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Outbreak of Endotheliotropic Herpes Virus
Infection in Elephant Population of Odisha
India - A Wakeup Call
Bijita Swain and Niranjana Sahoo*
Dept of Epidemiology and Preventive Medicine, Odisha University of Agriculture and Technology, India
Submission: October 21, 2019; Published: October 31, 2019
*Corresponding author: Niranjana Sahoo, Dept of Epidemiology and Preventive Medicine, Centre for Wildlife Health, College of Veterinary Science and Animal Health, Odisha University of Agriculture and Technology, India
How to cite this article: Bijita Swain and Niranjana Sahoo. Outbreak of Endotheliotropic Herpes Virus Infection in Elephant Population of Odisha India -
A Wakeup Call. JOJ Wildl Biodivers. 2019: 1(4): 555570.. DOI: 10.19080/JOJWB.2019.01.555570
Recently (August -September 2019), 04 captive elephants of Nandankanan Zoological Park (20.3958°N, 85.8260°E) and 01 wild elephant of Chandaka-Dampara sanctuary (20.4178°N, 85.7500°E), all below 15 years of age, died of endotheliotropic herpesvirus (EHV) infection. Such unusual outbreak became breaking news across the globe and many questions were also raised from different corner of the society. A brief description of the disease is outlined here with an idea not only to clarify doubts but to simulate healthy minds to evolve practical solutions including innovative and new approaches not to repeat the history in future – need of the day to save this pachyderm. Elephant Endotheliotropic herpesvirus (EEHV) infection is an acute viral disease that affects exclusively elephants and more specifically Asian elephant (Elephas maximus). The taxonomic classification of EEHV has the genus Proboscivirus, subfamily Betaherpesvirinae, family Herpesviridae and order Herpesvirus. There are eight members of this genus viz., EEHV1A, EEHV1B, EEHV2, EEHV3, EEHV4, EEHV5, EEHV6 and EEHV7. Of which, EEHV1 is the most common and fatal. The discovery of DNA from the causative agent EEHV1 in a 16month old female calf in 1999 established it as a novel endotheliotropic herpesvirus. This disease has been reported earlier from Kerala, Karnataka and Assam. In Odisha incidence of EEHV infection is confirmed now through laboratory tests, though it was suspected since 2013 based on field reports.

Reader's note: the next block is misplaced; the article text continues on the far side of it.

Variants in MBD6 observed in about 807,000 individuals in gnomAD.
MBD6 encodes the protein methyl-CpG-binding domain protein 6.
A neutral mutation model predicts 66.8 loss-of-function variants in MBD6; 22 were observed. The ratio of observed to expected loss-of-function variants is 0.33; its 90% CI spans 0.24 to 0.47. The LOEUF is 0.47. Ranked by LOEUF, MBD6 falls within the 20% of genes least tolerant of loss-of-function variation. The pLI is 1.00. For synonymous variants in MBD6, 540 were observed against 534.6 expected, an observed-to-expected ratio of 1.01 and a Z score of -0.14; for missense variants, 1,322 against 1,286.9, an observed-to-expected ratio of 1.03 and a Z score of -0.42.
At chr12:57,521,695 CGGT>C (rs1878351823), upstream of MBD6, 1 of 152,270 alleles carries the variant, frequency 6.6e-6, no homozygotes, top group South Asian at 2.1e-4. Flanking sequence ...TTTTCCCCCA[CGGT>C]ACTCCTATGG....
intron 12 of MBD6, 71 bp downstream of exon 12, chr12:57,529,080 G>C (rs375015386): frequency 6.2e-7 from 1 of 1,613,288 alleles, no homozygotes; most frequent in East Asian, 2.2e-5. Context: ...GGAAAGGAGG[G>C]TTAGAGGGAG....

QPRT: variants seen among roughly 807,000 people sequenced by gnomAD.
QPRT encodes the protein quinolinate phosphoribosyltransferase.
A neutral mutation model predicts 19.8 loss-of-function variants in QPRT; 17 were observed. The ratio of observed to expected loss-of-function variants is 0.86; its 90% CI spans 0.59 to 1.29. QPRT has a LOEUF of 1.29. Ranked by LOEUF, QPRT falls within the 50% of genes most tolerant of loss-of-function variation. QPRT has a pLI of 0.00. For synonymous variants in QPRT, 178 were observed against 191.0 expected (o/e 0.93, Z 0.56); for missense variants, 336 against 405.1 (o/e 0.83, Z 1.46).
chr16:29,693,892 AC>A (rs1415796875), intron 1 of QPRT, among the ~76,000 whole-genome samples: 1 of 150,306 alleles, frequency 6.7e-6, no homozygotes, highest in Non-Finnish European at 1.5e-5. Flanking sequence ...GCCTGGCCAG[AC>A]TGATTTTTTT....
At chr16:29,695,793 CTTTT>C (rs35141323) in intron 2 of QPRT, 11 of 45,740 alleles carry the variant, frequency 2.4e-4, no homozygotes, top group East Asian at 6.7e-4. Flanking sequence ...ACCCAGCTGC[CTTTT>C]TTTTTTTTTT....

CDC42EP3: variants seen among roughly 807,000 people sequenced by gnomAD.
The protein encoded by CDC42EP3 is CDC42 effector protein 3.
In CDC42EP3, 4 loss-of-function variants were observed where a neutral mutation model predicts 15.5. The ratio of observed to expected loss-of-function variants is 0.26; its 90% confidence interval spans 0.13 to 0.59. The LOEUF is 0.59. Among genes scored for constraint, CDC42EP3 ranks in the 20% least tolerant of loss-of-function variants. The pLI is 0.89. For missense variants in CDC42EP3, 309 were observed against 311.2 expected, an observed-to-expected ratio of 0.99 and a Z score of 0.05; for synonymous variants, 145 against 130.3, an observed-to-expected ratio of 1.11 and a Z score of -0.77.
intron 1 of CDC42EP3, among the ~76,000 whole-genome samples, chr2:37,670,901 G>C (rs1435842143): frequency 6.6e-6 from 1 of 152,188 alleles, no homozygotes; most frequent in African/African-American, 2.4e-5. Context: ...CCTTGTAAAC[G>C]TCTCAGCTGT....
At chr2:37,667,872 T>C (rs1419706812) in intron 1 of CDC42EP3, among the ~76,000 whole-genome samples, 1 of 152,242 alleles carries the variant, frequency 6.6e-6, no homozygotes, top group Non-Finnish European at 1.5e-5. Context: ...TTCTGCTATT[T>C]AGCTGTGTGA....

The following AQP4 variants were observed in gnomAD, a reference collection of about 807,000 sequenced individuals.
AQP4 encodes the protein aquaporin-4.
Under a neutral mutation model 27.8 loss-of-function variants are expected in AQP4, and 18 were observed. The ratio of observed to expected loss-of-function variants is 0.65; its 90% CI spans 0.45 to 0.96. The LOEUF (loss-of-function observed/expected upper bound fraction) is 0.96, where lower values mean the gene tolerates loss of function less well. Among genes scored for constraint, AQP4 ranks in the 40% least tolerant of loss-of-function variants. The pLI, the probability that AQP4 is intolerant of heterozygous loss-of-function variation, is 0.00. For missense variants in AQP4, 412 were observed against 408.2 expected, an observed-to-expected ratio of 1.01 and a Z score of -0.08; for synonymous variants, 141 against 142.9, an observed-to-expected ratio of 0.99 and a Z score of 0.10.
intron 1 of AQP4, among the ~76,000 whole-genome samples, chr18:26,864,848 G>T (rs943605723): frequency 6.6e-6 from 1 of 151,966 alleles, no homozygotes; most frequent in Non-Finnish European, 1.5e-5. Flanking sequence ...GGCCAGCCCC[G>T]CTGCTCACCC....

In the wild, infection is usually ubiquitous and occurs predominantly in asymptomatic manner. Elephant calves
deprived of maternal immunity are more susceptible to infection and the disease is considered fatal in such age groups. Presumably, virus enters body through oral route and initiates pathogenicity within 1-2 weeks. The virus has got affinity for endothelium and thereby causes damage to the lining of small blood vessels especially of the capillaries of internal organs. This results in leakage of blood out of the vessels with progressive loss of hemoglobin and platelet. Three forms of the disease have been recognized i.e.., peracute, acute and subacute in their decreasing order with respect to duration of illness and intensity of signs. Disease is characterized by loss of appetite, drowsiness, high rectal temperature, facial edema, limping, cyanosis of tongue, watery feces, dehydration, petechial hemorrhage, and conjunctivitis. Necropsy findings of EEHV infection include extensive hemorrhages in internal organs like heart, lungs, liver, kidney, brain intestine, omentum, etc. In our investigation, all the four captive elephants died within 24 hours of showing clinical signs that suggested peracute form of the disease whereas the wild elephant died after prolonged recumbence of 4 days. Clinical signs are post-mortem changes corroborated the present outbreak. Ante-mortem diagnosis of EEHV is based on the clinical signs, hematobiochemical alterations, detection of the pathogen in electron microscopy, and molecular tests.